The team started by establishing a set of core values including trust, respect, openness, honesty, and good communication. The company vision, “We seek to create a safe, respectful team environment that values the importance of each individual in order to manufacture cost-competitive engineered wood flooring based on our understanding of the needs of our clients,” dovetailed with those values, giving Appalachian a much-needed identity.
“Our consultant, Jeff Howe, was a major catalyst in moving us forward. He came once a month and worked with us in developing a culture where every decision we make is based on our core values,” said Fraser.
Another critical step in the overall transformation involved shutting down the entire plant for a full day to allow all employees to attend a workshop centered on improving communication in the workplace. During the workshop, employees and managers studied different styles of communication and were taught skills in communication, professionalism, active listening, and conflict resolution. While it is a costly exercise to shut down a plant for a whole day, Fraser said the long-term benefits far outweighed any costs. “This workshop empowered our workers to become manufacturing professionals with an active, integral role in the success and future of the company,” said Fraser.
The company also transformed its hiring practices to include behavioral interviewing. Every candidate is now evaluated to ensure that he or she will fit well within the new culture. These changes resulted in dramatic improvements in employee morale, attendance, and sense of commitment to the team. Employee turnover stabilized within four to six months.
“Once the culture and the people started to stabilize, it was really neat. We were keeping our good people, and if people did leave, they were people that didn’t fit the culture anyway,” said Fraser. “We are also attracting the full age range of employees.”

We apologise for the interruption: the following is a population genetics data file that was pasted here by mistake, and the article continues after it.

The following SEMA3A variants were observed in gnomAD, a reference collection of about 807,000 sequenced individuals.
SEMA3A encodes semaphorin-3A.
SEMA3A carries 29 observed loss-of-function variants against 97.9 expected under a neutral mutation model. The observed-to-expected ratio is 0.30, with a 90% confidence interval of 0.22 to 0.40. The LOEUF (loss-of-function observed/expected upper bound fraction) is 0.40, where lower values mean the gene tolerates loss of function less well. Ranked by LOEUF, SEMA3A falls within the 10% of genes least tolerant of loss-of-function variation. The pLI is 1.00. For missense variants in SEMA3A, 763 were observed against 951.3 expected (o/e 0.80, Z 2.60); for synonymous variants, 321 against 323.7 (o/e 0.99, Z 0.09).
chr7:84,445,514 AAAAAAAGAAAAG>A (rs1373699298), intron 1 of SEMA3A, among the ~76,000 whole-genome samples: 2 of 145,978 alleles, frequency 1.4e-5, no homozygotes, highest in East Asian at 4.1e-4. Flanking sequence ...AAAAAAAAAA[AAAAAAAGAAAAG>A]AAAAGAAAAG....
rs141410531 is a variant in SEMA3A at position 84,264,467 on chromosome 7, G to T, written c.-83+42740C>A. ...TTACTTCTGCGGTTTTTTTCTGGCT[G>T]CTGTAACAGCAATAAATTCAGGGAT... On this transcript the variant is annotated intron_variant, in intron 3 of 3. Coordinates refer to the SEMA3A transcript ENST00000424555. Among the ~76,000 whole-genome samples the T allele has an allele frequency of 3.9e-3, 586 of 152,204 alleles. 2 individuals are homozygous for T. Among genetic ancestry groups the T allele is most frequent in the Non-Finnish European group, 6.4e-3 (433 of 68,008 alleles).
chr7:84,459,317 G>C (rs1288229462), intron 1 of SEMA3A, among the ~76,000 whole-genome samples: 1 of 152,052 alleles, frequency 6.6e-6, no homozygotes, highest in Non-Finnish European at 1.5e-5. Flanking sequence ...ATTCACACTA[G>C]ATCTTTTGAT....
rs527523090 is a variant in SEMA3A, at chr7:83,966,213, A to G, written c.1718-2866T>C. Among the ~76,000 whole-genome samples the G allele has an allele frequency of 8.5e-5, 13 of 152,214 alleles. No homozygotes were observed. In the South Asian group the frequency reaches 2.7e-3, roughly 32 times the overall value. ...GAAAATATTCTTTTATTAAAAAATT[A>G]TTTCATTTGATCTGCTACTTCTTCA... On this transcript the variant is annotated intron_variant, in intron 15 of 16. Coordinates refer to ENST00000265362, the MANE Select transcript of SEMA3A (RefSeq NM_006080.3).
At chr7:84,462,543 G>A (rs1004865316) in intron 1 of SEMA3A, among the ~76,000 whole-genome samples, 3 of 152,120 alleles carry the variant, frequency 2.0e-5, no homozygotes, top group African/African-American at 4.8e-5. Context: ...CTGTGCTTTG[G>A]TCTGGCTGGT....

Investing in performance
Improving productivity and performance came through the implementation of the Wood Career Alliance’s (WCA) Skill Standards. Appalachian Engineered Flooring has a 90-page skills standards book that covers more than 15 skill sets. Each employee has a skills passport that tracks his or her proficiency advances in each skill. These standards serve as a structured tool for training and cross-training employees, and also help in setting employee goals and as a basis for performance reviews.
The passport is a portable credential that employees can take with them if they move on to another company, and their skills credentials are also stored in the WCA database. “The passport program has motivated our people to see woodworking as a career instead of just a job,” Fraser said. “It is exciting to see them want to grow their skills. They know their passports are transferable; if they do grow beyond us and choose to move on to another company, they don’t have to start over to prove themselves. Fortunately for us, they are happy to be here.”
The company has also implemented facets of lean manufacturing. Similar to the communication workshop, the team shut down the entire plant for a full day to allow employees to participate in lean training. Dashboards of goals and key performance indicators were developed by the employees and posted in the plant. In November 2014, Appalachian began receiving formal coaching on lean manufacturing management through tools from the Vermont Manufacturing Extension Center and the Northern Forest Center. As a result of its lean program, the company has been able to focus on reducing those facets of production that do not add value to the customer, such as extra piece movement/waiting, over-processing, over-production, and defects while significantly reducing lead time.